Tab Completion for autopkg

Tony Williams aka ‘honestpuck’ has built a script to enable tab-completion for autopkg in bash.

This means that you can type

$ autopkg s⇥

(where ⇥ is the tab key) and it will autocomplete to

$ autopkg search 

This will also work for recipe names:

$ autopkg run BBEdit⇥⇥
BBEdit.download  BBEdit.jss       BBEdit.pkg       
BBEdit.install   BBEdit.munki     

This is really useful. Auto-completion not only saves on typing, but helps to avoid errors.

Installing autocompletion in your profile

Tony has provided instructions on how to install the script with brew. However, it not hard to install this manually in your .bash_profile or .bashrc. First, clone the github repository on to your system (I keep all projects like this in an un-creatively named ‘Projects’ folder):

$ cd ~/Projects
$ git clone https://github.com/Honestpuck/autopkg_complete.git

This will download the project to autopkg_create. The file we need is the autopkg file inside that folder.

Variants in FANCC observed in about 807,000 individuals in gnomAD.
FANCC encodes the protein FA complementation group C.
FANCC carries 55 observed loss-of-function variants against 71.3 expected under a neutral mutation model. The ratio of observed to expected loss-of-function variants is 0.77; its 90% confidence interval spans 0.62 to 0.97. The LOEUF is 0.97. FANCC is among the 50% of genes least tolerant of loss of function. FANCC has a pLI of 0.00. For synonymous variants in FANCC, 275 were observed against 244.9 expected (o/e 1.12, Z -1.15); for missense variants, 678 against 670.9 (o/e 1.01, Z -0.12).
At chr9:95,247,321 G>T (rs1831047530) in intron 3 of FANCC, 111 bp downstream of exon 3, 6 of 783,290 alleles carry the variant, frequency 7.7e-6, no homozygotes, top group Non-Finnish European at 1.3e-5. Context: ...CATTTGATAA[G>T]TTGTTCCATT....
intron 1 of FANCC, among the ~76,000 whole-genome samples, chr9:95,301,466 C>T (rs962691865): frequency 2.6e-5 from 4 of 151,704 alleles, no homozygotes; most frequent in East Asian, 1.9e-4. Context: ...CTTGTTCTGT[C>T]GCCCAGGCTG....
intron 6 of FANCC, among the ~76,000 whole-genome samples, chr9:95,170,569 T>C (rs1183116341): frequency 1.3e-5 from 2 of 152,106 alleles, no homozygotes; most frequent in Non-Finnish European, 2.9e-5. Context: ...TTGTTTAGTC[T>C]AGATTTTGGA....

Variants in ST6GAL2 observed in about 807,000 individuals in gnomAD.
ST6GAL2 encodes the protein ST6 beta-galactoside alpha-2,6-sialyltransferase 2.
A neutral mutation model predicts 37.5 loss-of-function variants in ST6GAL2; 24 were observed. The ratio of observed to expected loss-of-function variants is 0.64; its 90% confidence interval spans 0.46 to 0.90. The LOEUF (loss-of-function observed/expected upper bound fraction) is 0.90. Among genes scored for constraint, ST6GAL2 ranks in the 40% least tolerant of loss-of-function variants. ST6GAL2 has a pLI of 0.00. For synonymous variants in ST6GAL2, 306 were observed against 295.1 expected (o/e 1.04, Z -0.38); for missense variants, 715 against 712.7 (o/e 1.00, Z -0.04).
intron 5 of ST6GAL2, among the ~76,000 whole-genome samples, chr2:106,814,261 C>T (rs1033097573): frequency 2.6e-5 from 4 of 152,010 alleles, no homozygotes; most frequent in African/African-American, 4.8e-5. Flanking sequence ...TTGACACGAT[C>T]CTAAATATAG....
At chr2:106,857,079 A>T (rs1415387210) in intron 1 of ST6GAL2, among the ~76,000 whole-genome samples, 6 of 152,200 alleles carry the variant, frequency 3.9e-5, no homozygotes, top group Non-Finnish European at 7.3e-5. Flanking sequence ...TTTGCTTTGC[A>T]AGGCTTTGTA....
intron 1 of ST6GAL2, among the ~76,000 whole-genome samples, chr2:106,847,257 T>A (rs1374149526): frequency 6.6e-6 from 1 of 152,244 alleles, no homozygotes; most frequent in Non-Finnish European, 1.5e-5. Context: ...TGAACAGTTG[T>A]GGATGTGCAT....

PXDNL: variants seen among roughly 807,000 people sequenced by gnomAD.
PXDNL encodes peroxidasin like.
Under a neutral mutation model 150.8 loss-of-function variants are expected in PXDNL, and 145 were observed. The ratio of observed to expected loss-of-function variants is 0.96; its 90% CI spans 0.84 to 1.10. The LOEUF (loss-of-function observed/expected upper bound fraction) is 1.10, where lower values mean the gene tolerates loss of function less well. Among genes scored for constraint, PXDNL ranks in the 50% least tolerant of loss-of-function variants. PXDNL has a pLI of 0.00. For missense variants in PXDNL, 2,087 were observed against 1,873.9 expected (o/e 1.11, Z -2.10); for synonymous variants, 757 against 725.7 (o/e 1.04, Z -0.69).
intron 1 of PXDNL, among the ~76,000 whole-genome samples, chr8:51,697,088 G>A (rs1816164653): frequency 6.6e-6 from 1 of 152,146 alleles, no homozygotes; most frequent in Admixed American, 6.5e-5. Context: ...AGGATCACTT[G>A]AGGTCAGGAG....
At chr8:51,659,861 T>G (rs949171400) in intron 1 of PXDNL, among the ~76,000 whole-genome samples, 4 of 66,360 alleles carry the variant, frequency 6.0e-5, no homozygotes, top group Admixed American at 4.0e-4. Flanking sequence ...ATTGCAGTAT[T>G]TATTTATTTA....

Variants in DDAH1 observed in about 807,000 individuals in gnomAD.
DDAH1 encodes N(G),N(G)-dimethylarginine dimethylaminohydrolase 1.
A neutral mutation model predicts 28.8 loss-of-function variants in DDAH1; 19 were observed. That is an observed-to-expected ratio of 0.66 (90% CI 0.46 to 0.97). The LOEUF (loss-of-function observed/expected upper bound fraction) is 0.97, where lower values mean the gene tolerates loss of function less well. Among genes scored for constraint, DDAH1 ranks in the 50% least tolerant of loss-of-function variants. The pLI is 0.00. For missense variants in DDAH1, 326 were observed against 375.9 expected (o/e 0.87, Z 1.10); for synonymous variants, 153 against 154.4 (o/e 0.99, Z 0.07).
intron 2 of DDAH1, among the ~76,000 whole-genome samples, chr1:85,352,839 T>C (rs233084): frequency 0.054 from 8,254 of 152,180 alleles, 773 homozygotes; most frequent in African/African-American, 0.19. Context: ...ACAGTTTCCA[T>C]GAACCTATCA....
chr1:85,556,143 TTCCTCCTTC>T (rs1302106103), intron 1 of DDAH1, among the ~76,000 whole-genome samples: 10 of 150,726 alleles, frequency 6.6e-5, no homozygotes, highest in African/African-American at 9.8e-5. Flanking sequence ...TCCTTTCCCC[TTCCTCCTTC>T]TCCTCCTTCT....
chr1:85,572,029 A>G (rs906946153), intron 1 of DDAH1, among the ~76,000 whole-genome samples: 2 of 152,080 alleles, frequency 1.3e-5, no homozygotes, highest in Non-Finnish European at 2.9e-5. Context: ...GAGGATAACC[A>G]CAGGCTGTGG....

Then add the following lines to your .bash_profile or .bashrc:

if [[ -r "$HOME/Projects/autopkg_complete/autopkg" ]]; then
    source "$HOME/Projects/autopkg_complete/autopkg"
fi

You will need to adjust the path if you are using a different location. Basically these lines say: if this file exists and is readable, then read and interpret it as bash source. Since you need to define functions in the context of the shell, you need to `source` the file, rather execute it as script. (When you run the the file as a script, the functions will be defined in the context of the script, and then ‘forgotten’ when the script ends.)

Save your new profile and open a new Terminal window or type

$ source ~/.bash_profile

to update an existing shell.

Thanks again to Tony Williams, this is very useful!

Typefaces for Coding and Terminal

Since the previous posts were about customizing the shell for shell I thought I’d update an older post and look at some monospaced fonts suitable for Terminal and text editors to get a change from Menlo.

Not so serious, but fun…

C64 TrueType is a fun addition at the end. As the name implies this font recreates the 8-pixel characters from the C64. Together with some extra settings in Terminal and your bash_profile you can take your terminal back to the 80s.

If you have been following along my lose series on Terminal in macOS, this serves as a nice example of some more exotic Terminal customization.

MacSysAdmin 2017 Conference Open for Registration